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How does Classic Bodybuilding Differ from Modern Bodybuilding?

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  • Written By: Mike Howells
  • Edited By: Michelle Arevalo
  • Last Modified Date: 27 November 2016
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Classic bodybuilding evokes a variety of mental images, from 19th century muscle men in striped trunks to Arnold Schwarzenegger pumping iron in the 1970s. This unofficial classic era, which lasted nearly a century, differed greatly from the modern form of bodybuilding that has exploded since the 1980s. Factors, such as science and commercialization, have helped turn bodybuilding from a fringe novelty into a multi-billion dollar, worldwide industry.

One of the biggest differences between modern and classic bodybuilding, and perhaps the key distinguishing feature between the two eras, relates to aesthetics. Old photographs of bodybuilders from around the turn of the 20th century reveal large and clearly strong men, but not the kind of muscle definition that is so characteristic of the modern athlete. Organized competition and international organizations have promoted more rigid definitions of what successful bodybuilding should look like, and this unified goal has been the catalyst for many of the other developments made in the sport.

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A more comprehensive understanding of how the human body turns exercise and nutrients into bigger muscles has greatly informed the state of modern bodybuilding. The classic bodybuilding approach, when viewed in the context of 21st century methods, seems unscientific and almost haphazard. Though the basic tenets of repeatedly lifting heavy weights and taking in great deal of calories were in place as far as back as the 1800s, they were imprecise and positive results were achieved largely through trial-and-error. Many other strategies were also employed that, in hindsight, seem, at best, apocryphal and, at worst, outright dangerous.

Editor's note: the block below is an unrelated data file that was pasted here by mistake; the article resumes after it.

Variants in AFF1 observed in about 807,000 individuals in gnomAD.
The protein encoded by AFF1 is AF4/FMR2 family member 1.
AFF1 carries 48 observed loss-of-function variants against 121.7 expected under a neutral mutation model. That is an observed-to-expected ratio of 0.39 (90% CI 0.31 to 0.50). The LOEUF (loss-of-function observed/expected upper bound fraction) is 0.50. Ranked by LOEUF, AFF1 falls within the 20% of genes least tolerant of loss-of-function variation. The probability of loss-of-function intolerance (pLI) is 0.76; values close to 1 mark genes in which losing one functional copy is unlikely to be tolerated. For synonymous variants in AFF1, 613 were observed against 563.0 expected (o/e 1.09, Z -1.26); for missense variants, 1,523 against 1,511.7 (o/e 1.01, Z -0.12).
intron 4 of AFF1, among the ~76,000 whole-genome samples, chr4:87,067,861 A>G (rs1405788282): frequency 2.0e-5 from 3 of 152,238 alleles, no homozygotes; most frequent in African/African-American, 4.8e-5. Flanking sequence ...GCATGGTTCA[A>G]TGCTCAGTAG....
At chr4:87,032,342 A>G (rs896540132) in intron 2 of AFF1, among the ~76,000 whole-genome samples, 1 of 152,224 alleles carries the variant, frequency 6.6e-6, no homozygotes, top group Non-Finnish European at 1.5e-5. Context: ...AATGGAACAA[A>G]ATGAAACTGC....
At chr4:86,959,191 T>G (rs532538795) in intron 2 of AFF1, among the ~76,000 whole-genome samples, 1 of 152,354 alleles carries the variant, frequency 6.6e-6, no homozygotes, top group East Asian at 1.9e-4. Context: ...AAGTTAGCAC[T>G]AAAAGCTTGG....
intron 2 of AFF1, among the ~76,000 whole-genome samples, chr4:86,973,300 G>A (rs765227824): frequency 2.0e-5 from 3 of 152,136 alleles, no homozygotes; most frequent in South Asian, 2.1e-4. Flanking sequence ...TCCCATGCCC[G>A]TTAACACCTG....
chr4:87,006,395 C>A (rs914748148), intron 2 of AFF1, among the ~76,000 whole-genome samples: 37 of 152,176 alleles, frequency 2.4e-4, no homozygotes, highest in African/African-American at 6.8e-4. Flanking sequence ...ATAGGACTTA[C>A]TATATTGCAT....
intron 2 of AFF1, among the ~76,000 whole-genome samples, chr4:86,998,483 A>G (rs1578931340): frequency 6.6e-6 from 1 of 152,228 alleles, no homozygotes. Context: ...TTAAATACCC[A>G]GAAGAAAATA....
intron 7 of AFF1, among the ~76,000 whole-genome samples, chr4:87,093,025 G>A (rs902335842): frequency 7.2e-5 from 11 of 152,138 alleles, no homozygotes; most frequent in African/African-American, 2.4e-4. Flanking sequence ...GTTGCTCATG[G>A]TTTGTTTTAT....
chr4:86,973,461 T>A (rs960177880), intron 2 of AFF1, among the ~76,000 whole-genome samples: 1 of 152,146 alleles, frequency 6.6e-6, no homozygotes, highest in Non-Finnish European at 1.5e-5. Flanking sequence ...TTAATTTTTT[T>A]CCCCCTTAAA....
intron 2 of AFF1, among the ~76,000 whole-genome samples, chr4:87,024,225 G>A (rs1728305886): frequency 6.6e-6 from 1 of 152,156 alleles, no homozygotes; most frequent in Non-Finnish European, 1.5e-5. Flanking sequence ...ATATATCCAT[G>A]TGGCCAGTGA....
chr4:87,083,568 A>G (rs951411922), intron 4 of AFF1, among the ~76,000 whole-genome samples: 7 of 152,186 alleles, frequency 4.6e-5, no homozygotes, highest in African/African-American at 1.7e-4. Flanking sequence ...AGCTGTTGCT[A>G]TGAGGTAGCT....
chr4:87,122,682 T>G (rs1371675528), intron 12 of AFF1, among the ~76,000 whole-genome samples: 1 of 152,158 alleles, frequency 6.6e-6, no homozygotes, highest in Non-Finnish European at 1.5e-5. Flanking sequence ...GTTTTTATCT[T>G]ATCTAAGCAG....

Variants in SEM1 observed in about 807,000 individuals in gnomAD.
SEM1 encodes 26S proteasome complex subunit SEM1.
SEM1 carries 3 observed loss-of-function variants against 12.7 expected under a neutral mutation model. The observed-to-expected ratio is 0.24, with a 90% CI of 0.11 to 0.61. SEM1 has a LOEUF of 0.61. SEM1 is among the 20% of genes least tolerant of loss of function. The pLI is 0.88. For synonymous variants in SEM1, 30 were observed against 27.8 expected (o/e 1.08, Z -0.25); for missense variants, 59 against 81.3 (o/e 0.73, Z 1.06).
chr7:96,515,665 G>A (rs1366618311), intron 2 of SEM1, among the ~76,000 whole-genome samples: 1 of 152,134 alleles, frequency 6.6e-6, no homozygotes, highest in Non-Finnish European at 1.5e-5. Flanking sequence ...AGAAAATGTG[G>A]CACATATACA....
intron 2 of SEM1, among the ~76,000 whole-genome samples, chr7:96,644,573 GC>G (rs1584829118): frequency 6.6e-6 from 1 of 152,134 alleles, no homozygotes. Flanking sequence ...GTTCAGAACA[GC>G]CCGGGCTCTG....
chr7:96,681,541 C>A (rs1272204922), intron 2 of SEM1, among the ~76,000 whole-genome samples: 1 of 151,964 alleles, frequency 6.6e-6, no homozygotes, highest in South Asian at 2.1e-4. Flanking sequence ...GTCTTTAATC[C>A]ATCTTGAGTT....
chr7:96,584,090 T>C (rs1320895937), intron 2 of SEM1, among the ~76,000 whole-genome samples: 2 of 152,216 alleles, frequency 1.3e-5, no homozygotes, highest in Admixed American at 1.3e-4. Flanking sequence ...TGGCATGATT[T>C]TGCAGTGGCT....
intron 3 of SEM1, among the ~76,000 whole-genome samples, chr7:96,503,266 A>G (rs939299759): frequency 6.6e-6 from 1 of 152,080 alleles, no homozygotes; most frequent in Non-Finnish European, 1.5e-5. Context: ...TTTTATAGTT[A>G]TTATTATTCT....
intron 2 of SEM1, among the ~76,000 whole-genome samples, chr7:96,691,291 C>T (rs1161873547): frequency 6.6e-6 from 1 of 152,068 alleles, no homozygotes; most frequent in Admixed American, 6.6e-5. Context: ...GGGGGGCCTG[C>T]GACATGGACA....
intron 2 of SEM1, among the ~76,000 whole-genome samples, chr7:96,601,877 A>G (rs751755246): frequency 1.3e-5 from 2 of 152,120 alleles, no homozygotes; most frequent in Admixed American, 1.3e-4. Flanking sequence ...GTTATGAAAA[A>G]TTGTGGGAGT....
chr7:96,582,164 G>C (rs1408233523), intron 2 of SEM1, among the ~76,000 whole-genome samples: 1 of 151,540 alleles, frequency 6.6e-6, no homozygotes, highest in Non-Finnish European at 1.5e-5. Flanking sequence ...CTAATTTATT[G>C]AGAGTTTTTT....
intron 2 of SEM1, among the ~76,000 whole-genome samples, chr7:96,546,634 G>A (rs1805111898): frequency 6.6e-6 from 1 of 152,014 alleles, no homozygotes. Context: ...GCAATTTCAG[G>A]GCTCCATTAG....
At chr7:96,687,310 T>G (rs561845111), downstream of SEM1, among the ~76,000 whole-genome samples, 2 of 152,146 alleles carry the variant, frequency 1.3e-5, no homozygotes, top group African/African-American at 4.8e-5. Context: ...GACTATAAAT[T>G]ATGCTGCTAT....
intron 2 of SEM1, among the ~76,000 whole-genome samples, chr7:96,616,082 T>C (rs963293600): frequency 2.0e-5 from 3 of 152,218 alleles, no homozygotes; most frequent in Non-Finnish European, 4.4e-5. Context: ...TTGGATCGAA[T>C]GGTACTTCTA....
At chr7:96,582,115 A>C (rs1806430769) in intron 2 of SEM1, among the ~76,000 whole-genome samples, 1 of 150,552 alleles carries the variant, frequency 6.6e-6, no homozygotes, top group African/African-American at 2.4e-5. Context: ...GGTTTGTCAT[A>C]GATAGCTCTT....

Classic bodybuilders, for instance, were not only known for the immense weights they were capable of lifting, but also for mammoth intake of foods that would make modern nutritionists cringe. Dozens of eggs and huge quantities of red meat — and other high-fat, high-cholesterol foods — were staples for many classic bodybuilding legends. 21st century bodybuilding stresses lean protein, such as chicken and fish, and, above all, a balanced approach that involves a large proportion of fruits and vegetables. Modern bodybuilders are often scrupulous in their diets, and know exactly what is going into their bodies.

Another way the modern sport has changed from classic bodybuilding is the use of nutritional supplements. In the past, bodybuilders relied exclusively on workout regimens and diet to help promote muscle growth. Their modern counterparts, with access to the latest in nutritional and chemical advances, incorporate a much more precise and scientific approach to maximize muscle gain. Exacting diets are supplemented with powdered protein shakes, multi-vitamins, and sometimes even illicit substances, like anabolic steroids and human growth hormone, to achieve results not dreamed of in the era of classic bodybuilding.

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croydon
Post 3

@pastanaga - That's one of the reasons bodybuilding is popular among people who don't really care too much about their strength or the size of their muscles. The more muscle mass you have, the easier it is to keep weight off.

Although when I picture a classic body builder I think of someone who wasn't exactly skinny. I don't think they had the same perception of fat that we do now.

pastanaga
Post 2

@bythewell - Classic bodybuilders didn't have the knowledge that we have today on how to create that particular look. Make no mistake, they wanted to look as strong as possible as well, particularly if being a strong-man was their job.

And you're talking about the bodybuilders who go into competitions, rather than the ones who are just doing the exercises in order to be healthier. A decent bodybuilding diet is a healthy one that includes a variety of different food types. Supplements aren't bad for you either if you use them properly. My sister does a lot of exercise because she competes in some events and she basically has to take supplements because she simply can't consume enough calories otherwise. I imagine that anyone with large muscles would be burning more calories because of it.

bythewell
Post 1

I actually think it's a bit tragic that we focus so much on how people look as body builders these days instead of how they used to focus on their strength. I've heard of people on a bodybuilding diet who essentially starved themselves of everything except protein in order to make their muscles look more defined. There is no health justification for that.

That's why you end up with people taking steroids as well. It becomes all about the competition and the look, rather than about the health of their bodies.

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